MuleSoft Vice President of Japan Will Bosma says the first brands to integrate their technology stack through an application network and deliver meaningful consumer experiences will take the lead in Southeast Asia markets.
The Smart Nation initiative is an ongoing priority for Singapore and the country ranks first in the Asian Digital Transformation Index, owing to its well-developed digital infrastructure.
The government continues to play a key role in the development of Singapore’s digital transformation, with its ICT and regulatory policies over the years being in sync with business demand and its encouragement of digital development.
Over the past decade, many tech businesses have delivered on their expansion plans into the Asia Pacific region with Singapore often being first choice for regional headquarters given its digital friendly outlook.
According to MuleSoft Vice President of Japan Will Bosma, the company is on track to meet its next milestone of USD 1 billion in revenue by 2021. Currently some of MuleSoft partners include Accenture, Agile Digital, Capgemini, Datacom, Deloitte Digital, Infront, Leidos, NEC and Veritec.
In light of all sectors undergoing some form of digital transformation to remain competitive, we asked Bosma how critical is it for SMBs and SMEs to undergo digital transformation now – particularly with the impending arrival of 5G in Singapore by 2020.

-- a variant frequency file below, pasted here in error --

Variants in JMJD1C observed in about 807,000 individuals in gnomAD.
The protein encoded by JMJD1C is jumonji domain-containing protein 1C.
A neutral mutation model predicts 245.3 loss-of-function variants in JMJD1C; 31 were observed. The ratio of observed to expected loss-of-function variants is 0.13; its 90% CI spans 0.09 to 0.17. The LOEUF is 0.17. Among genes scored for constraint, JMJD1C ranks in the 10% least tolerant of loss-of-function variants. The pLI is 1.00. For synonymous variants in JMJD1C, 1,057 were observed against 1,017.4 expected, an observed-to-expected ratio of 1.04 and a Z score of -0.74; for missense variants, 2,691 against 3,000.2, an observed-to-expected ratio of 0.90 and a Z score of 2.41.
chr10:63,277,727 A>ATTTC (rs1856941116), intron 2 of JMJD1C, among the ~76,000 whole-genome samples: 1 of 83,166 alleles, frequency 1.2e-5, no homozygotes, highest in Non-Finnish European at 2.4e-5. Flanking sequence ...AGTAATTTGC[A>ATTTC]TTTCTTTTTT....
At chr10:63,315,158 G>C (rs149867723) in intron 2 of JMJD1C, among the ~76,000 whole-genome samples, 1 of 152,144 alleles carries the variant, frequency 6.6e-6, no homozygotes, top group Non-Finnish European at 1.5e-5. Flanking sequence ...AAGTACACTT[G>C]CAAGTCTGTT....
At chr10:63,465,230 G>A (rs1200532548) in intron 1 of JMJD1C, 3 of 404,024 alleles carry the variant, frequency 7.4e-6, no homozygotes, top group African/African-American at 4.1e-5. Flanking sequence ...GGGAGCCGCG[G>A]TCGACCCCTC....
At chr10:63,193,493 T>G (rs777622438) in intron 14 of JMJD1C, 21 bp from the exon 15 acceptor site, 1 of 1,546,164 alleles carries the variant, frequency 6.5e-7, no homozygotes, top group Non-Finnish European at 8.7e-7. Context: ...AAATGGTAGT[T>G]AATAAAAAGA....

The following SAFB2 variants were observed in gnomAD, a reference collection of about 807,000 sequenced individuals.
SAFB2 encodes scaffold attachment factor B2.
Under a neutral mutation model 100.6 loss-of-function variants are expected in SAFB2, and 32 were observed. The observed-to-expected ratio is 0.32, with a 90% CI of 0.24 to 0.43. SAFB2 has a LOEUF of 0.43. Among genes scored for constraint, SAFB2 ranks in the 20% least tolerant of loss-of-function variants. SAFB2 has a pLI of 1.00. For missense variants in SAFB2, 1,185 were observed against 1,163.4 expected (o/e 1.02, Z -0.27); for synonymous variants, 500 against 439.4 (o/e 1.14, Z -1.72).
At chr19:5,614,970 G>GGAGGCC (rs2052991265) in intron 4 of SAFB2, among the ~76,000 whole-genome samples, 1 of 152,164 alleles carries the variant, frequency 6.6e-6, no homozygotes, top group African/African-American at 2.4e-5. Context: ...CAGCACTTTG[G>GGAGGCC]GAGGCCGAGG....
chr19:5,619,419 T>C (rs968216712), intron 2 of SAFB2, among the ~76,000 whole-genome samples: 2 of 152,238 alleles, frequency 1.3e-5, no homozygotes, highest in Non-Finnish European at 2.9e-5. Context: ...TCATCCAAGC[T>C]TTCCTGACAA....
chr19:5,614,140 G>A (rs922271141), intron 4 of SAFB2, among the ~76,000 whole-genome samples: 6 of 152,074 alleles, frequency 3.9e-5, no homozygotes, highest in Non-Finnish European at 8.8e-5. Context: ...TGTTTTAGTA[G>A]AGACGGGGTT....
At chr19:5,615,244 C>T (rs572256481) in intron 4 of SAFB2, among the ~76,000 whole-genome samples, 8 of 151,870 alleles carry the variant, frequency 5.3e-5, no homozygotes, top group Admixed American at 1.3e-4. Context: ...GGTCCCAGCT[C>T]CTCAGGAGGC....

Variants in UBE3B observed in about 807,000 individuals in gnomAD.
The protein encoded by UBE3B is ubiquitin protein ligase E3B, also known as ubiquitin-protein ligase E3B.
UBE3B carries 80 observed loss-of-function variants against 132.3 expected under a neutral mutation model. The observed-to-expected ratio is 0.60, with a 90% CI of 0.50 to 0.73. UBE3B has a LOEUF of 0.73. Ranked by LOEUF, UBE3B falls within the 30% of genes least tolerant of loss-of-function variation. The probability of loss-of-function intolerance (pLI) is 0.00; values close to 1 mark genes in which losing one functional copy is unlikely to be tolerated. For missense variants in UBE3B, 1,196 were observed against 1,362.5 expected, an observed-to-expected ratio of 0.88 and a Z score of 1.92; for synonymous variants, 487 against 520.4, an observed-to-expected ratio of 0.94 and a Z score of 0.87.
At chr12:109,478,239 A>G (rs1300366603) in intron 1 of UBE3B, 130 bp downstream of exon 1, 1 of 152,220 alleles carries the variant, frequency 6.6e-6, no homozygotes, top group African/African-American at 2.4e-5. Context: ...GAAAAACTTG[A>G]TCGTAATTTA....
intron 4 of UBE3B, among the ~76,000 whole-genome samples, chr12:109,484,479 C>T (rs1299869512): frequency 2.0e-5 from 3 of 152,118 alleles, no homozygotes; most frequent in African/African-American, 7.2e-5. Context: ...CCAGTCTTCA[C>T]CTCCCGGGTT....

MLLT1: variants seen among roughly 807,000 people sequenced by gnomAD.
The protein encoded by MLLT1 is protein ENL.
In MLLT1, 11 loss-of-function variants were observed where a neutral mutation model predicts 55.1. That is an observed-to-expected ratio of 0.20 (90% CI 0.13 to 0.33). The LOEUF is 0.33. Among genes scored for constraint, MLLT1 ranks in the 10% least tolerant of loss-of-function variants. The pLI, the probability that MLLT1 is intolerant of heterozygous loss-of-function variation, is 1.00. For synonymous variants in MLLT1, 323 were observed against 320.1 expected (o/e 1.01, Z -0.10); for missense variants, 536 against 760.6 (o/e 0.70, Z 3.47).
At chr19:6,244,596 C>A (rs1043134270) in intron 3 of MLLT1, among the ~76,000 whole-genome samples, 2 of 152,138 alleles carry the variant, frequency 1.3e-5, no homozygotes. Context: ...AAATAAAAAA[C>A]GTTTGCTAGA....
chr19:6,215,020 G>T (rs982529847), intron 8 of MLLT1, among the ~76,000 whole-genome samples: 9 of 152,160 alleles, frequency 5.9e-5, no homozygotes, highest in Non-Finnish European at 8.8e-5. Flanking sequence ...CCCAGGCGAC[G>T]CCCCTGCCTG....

“It’s critical that businesses of all sizes begin digital transformation efforts now so that they can increase the profitability of their business and streamline operations in order to better respond to disruptive technologies like 5G. New technologies are at the core of how businesses in Southeast Asia will compete and thrive in the global marketplace and require the integration of disparate applications and data to create meaningful consumer experiences,” says Bosma.
According to Bosma, digital transformation also a great leveller.
“If done well, it allows organisations of any size to not only compete effectively but to participate in what we call the convergence economy in wholly new ways. It’s also become obvious over the past decade or so that it’s no longer the big that ‘eat’ the smaller but rather the fast that ‘eat’ the slow,” says Bosma.
Bosma says Mulesoft’s recent global research of ITDMs revealed that while 97 percent of organizations are currently undertaking or planning to undertake digital transformation initiatives, integration challenges are hindering efforts for 84 percent of them. An API-led approach to integration is critical to accelerating digital transformation as it allows businesses to reuse APIs as composable building blocks instead of building point-to-point integrations to connect technologies.
In terms of MuleSoft’s presence in APAC, we asked Bosma what their three-year horizon looks like in the region.
“MuleSoft is significantly investing in APAC with a concerted focus on growing our business in Hong Kong, Singapore, Japan, Australia and New Zealand. There remains significant growth in each of these core markets with Japan being our newest team investment. Obviously, with the acquisition by Salesforce, we are seeing significant interest from their customers as well as demand from the rest of the spectrum coming directly to us. And our significant partnerships continue to drive robust growth across all sectors,” says Bosma.